Wednesday, 23 October 2013

Wool, Wizards, Nursery Rhymes and Narcotics.

Not to mention wood-carvers, antique dealers. pargetters, romantic roses
 and weathered wood. All encountered on a stroll around Lavenham.

The door of the Guildhall,
Note the elaborate carving of the wood all around the door.
There's a Museum inside dedicated to preserving Lavenham's history.

The most photographed lady in Lavenham.
Spinning has always intrigued me.
"Practice is all it takes," she assured me,
"my first effort produced yarn thick enough to haul The Queen Mary!" 

Upstairs a loom showing the range of colours available.

There were many items displayed recording the history
of the towns buildings and its people.
But wool was what made the town special.

From the upstairs room of the Guildhall
you could look out on to the Market Square.

If it looks a bit spooky maybe it's because it was the scene of
a Vincent Price film, "The Witchfinder General".
More recently that scallywag Harry Potter showed up
to film in 2010.
Also the last episode of the TV series "Lovejoy"
was filmed here. The title?
"Last Tango In Lavenham"

All these crooked buildings have led to speculation that the rhyme 
about the crooked man who lived in a crooked house has
its origins here. No real evidence for that.

However the lady who wrote "Twinkle, Twinkle, Little Star" did live in Lavenham.
Her name was Jane Taylor and she lived in Shilling Street
during the nineteenth century.
A star is also featured strongly in the arms of the de Vere family, 
who left their mark all over the place in Lavenham,
particularly on the church.

 The decorative plaster-work on the walls in the two pictures above
is called "pargetting" and is often seen in this area especially in the nearby town of Clare.
We may well go there one day.
So if you know someone with the name Pargetter you now know 
what their ancestors got up to.

Marvellous textures in the weathered wood
 on the side of some of the buildings.

I don't see why I shouldn't show you some roses
Don't they look good against the painted plaster?

And some folks could spend a lot of time looking for bargains
in this shop.
Room after room stretched back from the narrow shopfront,
all full of antiques and curios.

See what I mean?

Meanwhile back out on the street here's The Swan Hotel.
Much loved by the ladies of The Women's Institute and 
the kind of place where you could safely take your granny.
Now in my first post about Lavenham I made a throwaway comment
wondering whether the wealth of the town was based on narcotics.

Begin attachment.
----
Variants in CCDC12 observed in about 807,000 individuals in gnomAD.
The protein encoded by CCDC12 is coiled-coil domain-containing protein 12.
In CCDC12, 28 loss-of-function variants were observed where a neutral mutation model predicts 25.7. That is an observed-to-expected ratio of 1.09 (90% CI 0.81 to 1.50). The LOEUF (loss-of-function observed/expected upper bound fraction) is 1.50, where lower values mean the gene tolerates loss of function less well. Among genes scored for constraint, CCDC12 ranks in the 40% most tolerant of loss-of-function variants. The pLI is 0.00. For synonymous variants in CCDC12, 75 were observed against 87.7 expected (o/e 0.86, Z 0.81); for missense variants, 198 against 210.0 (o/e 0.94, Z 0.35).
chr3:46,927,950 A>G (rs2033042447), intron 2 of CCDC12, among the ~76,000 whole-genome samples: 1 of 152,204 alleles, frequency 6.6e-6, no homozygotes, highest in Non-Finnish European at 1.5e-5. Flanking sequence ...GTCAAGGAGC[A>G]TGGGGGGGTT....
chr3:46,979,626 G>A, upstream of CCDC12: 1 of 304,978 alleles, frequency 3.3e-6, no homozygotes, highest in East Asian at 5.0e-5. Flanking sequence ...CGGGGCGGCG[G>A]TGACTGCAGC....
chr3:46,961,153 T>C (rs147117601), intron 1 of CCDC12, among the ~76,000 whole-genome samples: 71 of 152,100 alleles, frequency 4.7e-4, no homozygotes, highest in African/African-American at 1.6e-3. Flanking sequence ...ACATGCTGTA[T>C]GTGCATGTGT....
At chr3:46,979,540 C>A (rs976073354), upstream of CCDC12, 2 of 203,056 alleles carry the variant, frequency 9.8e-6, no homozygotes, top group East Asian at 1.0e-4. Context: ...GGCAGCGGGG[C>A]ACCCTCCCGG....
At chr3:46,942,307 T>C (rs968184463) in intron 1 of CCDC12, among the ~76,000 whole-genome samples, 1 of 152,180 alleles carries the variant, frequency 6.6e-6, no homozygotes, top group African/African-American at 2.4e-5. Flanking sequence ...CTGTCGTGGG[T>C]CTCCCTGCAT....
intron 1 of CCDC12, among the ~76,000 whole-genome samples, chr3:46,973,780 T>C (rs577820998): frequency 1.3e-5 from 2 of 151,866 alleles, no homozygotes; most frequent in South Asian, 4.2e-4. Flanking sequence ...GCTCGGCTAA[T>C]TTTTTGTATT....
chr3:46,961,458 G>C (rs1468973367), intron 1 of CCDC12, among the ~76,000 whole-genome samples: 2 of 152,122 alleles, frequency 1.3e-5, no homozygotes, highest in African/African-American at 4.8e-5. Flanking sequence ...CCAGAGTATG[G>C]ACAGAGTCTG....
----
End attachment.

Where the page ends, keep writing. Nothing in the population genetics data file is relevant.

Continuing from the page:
I thought I was being silly.
But believe it or not the notorious marijuana smuggler,
Howard Marks - alias Mr Nice - was 
arrested in The Swan.

Take care.


  1. I'd imagine spinning slowly become a lost craft but maybe not. That is surely a photogenic little town.

  2. More absorbing photos today. I like the way you captured the woman spinning all alone in the center of that light filled room. And, those urns need to be straightened!

  3. What a lot of wonderful treasures you are gleaning from Lavenham! I especially like the lady spinning and the loom, - I spent an hour this afternoon spinning, - not from necessity, but for pleasure, as I believe most spinning is done these days. Would this be the same de Vere family, one of whom I hear is credited by some people for being the true author of Shakespeare's writings?

    1. Yes, the benefactor of the church was John de Vere, 13th Earl of Oxford. The Shakespeare one was Edward de Vere, 17th Earl of Oxford. The seat of the Earls of Oxford was not in Oxford as you might expect but in Castle Hedingham in Essex. There were also connections with the Greviles and Howards at Castle Rising and indeed with most of the nobility of England who were an inbred lot, to say the least.
      Spinning certainly looks to be a therapeutic occupation.

  4. another very informative post; you certainly delve well into the history John. I loved the remark from the spinning lady about her first efforts; I'm sure you weren't the first she's said that to. But there she has peace to get on with a a day of meditative spinning and then going home with more fine wool to knit up. Yes I loved the vintage rose growing against the coloured plaster wall. Cheers!

  5. A very interesting tour of what must be a very fascinating place to snoop around with a camera. I would have loved that.

  6. Now that's a junk shop! I'd have been in heaven for sure. You bring such interesting information to your posts, like that about Pargeters. I have known some people with that name.

  7. The Guild Hall is a superb building and those are lovely photos of the lady spinning and the basket of harm. Is it the Guild Hall that has a little garden at the back filled with dye plants? I really must go to Lavenham again next time I'm in Suffolk.

    1. Yes, I tried to remember where all the dyes came from but failed miserably!

  8. lots of great history tidbits in this one--love the room that the lady is using for spinning--the windows and the floor boards are so beautiful--nice the way the light pours into the room
    I know nothing about spinning or weaving though, but can appreciate the skills it must take.
    The colors in the dyed yarn are lovely.


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